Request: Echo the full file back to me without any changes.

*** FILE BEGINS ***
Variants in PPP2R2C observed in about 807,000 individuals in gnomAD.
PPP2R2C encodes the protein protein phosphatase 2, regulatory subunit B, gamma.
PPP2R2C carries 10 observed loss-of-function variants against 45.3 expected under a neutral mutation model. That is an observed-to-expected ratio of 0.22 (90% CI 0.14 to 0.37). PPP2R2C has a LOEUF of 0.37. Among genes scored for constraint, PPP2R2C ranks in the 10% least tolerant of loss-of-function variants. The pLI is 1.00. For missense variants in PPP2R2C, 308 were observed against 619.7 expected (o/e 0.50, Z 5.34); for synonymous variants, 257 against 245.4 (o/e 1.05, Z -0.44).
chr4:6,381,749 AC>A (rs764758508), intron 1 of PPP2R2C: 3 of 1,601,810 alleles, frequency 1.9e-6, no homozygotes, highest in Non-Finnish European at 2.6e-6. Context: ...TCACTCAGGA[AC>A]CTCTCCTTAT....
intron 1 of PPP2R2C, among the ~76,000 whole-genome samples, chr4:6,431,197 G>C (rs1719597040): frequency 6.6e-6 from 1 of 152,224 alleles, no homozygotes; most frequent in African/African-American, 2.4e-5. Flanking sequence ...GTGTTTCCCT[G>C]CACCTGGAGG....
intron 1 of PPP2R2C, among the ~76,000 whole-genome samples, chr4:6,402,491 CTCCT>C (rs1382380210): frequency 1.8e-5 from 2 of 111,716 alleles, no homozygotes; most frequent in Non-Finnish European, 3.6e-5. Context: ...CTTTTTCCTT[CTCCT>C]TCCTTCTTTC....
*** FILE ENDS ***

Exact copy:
Variants in PPP2R2C observed in about 807,000 individuals in gnomAD.
PPP2R2C encodes the protein protein phosphatase 2, regulatory subunit B, gamma.
PPP2R2C carries 10 observed loss-of-function variants against 45.3 expected under a neutral mutation model. That is an observed-to-expected ratio of 0.22 (90% CI 0.14 to 0.37). PPP2R2C has a LOEUF of 0.37. Among genes scored for constraint, PPP2R2C ranks in the 10% least tolerant of loss-of-function variants. The pLI is 1.00. For missense variants in PPP2R2C, 308 were observed against 619.7 expected (o/e 0.50, Z 5.34); for synonymous variants, 257 against 245.4 (o/e 1.05, Z -0.44).
chr4:6,381,749 AC>A (rs764758508), intron 1 of PPP2R2C: 3 of 1,601,810 alleles, frequency 1.9e-6, no homozygotes, highest in Non-Finnish European at 2.6e-6. Context: ...TCACTCAGGA[AC>A]CTCTCCTTAT....
intron 1 of PPP2R2C, among the ~76,000 whole-genome samples, chr4:6,431,197 G>C (rs1719597040): frequency 6.6e-6 from 1 of 152,224 alleles, no homozygotes; most frequent in African/African-American, 2.4e-5. Flanking sequence ...GTGTTTCCCT[G>C]CACCTGGAGG....
intron 1 of PPP2R2C, among the ~76,000 whole-genome samples, chr4:6,402,491 CTCCT>C (rs1382380210): frequency 1.8e-5 from 2 of 111,716 alleles, no homozygotes; most frequent in Non-Finnish European, 3.6e-5. Context: ...CTTTTTCCTT[CTCCT>C]TCCTTCTTTC....